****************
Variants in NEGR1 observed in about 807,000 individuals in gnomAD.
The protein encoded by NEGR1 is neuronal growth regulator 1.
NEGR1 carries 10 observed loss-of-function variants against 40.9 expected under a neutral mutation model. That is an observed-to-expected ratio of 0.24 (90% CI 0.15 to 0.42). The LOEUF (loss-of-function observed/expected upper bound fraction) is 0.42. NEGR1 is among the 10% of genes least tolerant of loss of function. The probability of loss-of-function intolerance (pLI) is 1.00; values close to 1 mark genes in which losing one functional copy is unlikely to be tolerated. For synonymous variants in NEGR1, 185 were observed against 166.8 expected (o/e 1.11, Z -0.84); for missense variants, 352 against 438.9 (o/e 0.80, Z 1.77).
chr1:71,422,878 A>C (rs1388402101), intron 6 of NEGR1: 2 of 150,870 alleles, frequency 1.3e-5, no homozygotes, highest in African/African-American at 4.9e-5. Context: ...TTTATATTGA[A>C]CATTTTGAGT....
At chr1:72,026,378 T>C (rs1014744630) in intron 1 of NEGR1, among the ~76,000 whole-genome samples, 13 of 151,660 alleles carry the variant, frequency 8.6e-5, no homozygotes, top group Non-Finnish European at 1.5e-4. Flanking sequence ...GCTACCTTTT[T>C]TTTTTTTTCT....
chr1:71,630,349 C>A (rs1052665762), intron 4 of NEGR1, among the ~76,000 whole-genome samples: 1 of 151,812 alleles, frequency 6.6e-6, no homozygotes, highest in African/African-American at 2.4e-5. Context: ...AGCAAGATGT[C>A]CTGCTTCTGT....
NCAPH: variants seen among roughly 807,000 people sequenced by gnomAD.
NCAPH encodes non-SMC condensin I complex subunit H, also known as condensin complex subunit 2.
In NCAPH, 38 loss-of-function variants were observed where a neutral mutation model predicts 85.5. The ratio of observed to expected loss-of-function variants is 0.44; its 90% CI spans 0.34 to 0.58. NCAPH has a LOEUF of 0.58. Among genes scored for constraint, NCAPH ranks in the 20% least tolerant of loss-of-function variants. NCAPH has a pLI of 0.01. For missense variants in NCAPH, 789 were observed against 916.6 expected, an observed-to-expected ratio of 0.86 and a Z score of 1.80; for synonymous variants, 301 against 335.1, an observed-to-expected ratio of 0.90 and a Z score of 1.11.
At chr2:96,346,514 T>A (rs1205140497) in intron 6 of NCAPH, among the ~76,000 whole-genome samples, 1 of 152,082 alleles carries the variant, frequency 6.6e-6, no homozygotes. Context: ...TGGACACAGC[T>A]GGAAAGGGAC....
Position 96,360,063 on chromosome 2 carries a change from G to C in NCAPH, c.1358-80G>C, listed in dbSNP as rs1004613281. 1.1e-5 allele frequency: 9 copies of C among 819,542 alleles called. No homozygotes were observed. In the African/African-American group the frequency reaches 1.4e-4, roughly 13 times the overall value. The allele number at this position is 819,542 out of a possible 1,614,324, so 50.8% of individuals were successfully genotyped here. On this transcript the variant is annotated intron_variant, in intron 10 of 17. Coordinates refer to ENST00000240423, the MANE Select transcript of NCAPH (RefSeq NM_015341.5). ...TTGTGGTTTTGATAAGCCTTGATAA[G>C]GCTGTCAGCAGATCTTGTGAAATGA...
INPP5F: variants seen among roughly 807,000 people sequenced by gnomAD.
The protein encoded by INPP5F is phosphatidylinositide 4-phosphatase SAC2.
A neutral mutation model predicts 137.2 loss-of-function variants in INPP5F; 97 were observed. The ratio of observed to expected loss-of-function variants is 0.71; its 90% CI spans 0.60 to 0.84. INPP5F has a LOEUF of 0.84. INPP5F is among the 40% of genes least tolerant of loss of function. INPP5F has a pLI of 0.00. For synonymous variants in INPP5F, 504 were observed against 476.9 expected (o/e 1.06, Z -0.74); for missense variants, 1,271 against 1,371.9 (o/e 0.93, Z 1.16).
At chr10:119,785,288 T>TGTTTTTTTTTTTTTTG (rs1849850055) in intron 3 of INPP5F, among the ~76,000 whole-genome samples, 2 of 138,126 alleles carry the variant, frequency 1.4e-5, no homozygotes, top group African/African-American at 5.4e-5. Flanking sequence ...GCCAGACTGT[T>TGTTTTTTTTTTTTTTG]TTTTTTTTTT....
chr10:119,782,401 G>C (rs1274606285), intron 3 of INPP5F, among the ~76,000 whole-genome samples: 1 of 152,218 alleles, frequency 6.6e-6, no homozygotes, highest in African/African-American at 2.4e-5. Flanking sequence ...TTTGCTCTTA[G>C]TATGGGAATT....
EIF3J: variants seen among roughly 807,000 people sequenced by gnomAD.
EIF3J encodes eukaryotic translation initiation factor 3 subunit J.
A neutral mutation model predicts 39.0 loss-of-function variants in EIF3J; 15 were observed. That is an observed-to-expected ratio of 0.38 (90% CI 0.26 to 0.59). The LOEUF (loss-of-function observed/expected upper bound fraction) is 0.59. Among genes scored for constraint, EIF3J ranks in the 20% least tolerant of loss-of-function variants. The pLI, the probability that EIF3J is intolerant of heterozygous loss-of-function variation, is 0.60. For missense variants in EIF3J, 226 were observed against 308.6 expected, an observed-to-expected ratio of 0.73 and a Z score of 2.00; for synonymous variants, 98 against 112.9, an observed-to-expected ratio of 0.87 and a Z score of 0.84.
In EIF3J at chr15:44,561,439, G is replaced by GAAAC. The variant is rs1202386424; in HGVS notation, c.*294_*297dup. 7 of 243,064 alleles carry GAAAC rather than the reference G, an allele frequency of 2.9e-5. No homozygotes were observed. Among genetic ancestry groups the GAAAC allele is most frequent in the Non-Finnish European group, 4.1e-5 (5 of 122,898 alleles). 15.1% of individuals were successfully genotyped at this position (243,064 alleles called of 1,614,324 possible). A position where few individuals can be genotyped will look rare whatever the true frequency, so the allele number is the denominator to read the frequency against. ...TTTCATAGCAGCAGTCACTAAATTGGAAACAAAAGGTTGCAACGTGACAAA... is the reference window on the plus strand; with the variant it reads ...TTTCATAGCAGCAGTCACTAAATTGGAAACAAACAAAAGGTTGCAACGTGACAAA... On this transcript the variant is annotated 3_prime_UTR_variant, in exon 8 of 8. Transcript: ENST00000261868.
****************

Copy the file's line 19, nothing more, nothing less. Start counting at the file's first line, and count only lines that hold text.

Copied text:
A neutral mutation model predicts 39.0 loss-of-function variants in EIF3J; 15 were observed. That is an observed-to-expected ratio of 0.38 (90% CI 0.26 to 0.59). The LOEUF (loss-of-function observed/expected upper bound fraction) is 0.59. Among genes scored for constraint, EIF3J ranks in the 20% least tolerant of loss-of-function variants. The pLI, the probability that EIF3J is intolerant of heterozygous loss-of-function variation, is 0.60. For missense variants in EIF3J, 226 were observed against 308.6 expected, an observed-to-expected ratio of 0.73 and a Z score of 2.00; for synonymous variants, 98 against 112.9, an observed-to-expected ratio of 0.87 and a Z score of 0.84.